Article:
The pros and cons of wireless electronic vehicle charging

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Close-up of a Tesla Roadster charging via Fulton Innovation's eCoupled charging system.

A wireless EV charger is sexy in concept, but is it efficient enough to meet consumer demands? (Photo Credit: CC BY-ND/Paul Lamkin/Pocket Lint)

Fulton Innovation’s eCoupled technology has made powering household appliances via wireless technology a reality, and now the company has its sights on doing the same for mass market electronic vehicles like the Nissan Leaf, Chevy Volt and Ford Focus Electric. While a wireless EV charging station does introduce an element of space-age style to the garage, some critics wonder whether the sacrifices in the charging speed and efficiency departments are worth the trouble. Thankfully, Popular Mechanics can help navigate the pluses and minuses.

EV chargers are an impressive new technology

Fulton Innovation notes that its eCoupled technology can fully charge a depleted Tesla Roadster 6831’s lithium-ion cells in 48 hours. That isn’t high-speed charging, but but as Popular Mechanics points out, it isn’t a trickle charge, either. So long as the battery sits within a 4-inch distance to the EV charging station, it can charge to capacity via wireless. The charging efficiency drop via wireless is about 16 percent less than what a standard EV charging plug would provide, claims the manufacturer, although upcoming design updates will decrease the charging efficiency drop to 7 percent.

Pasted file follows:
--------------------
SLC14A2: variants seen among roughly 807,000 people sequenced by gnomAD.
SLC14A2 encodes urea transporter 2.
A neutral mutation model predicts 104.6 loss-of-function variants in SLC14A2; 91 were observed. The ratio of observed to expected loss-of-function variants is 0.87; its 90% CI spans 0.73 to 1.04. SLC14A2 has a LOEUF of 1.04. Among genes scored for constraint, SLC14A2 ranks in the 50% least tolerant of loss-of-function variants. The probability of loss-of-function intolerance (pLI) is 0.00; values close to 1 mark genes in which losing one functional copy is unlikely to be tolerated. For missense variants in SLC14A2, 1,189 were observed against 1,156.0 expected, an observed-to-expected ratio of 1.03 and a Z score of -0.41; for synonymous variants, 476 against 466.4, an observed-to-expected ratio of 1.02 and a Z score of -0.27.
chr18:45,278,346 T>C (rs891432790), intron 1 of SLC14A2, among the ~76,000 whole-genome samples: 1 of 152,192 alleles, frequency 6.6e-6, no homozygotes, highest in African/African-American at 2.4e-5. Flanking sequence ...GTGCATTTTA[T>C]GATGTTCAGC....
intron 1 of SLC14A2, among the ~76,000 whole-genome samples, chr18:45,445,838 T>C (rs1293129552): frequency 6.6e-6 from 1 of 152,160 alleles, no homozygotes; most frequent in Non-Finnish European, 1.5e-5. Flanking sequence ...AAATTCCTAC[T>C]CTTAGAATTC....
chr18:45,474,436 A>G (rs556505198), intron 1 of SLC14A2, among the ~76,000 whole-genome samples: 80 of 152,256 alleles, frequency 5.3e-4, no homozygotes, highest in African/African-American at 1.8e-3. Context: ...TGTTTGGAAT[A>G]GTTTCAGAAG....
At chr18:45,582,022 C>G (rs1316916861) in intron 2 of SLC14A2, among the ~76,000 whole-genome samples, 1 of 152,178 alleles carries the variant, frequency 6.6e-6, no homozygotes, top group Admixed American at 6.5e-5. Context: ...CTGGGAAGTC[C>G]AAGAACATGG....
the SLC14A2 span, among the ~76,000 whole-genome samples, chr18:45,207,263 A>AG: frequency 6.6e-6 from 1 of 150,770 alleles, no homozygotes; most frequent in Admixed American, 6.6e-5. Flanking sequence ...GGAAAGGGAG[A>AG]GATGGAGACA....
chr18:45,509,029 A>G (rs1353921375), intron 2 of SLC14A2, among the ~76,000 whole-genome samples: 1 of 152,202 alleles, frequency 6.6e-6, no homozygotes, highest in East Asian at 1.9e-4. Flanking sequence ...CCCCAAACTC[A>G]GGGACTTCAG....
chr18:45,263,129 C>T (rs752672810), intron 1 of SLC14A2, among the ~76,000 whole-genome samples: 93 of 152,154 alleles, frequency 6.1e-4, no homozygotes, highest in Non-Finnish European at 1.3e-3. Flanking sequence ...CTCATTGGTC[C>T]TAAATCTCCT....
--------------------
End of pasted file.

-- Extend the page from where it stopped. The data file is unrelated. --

Fulton’s EV charging station is a 10-pound composite plate that sits in or on the floor of the garage, and it costs roughly $150. Once the plate is plugged into a standard electrical outlet, it can be used indoor or outdoor. The practical application as a public charger in tech-friendly cities is obvious.

At the bottom rung for speed

The U.S. Department of Energy currently has 50 Level 3 public EV charging stations installed in the San Diego area. This wired EV connection charges a vehicle to full in 20 minutes, but Level 3 stations are more expensive, not only for the technology, but the strain they place on the power grid. Thus, Popular Mechanics predicts such stations will only be reserved for emergency services. Level 2 chargers (4 to 5 hours for full charge) will likely become the most common EV charger for work and official park-and-charge facilities.

Level 3 EV wireless charging stations like Fulton Innovation’s require 12 hours minimum to complete a charge, and typically more hours are needed. While the convenience of wireless EV chargers is apparent – simply park and top off the battery – the wait for a full charge may be anything but.


Fulton Innovation eCoupled technology

Popular Mechanics

Fulton Innovation

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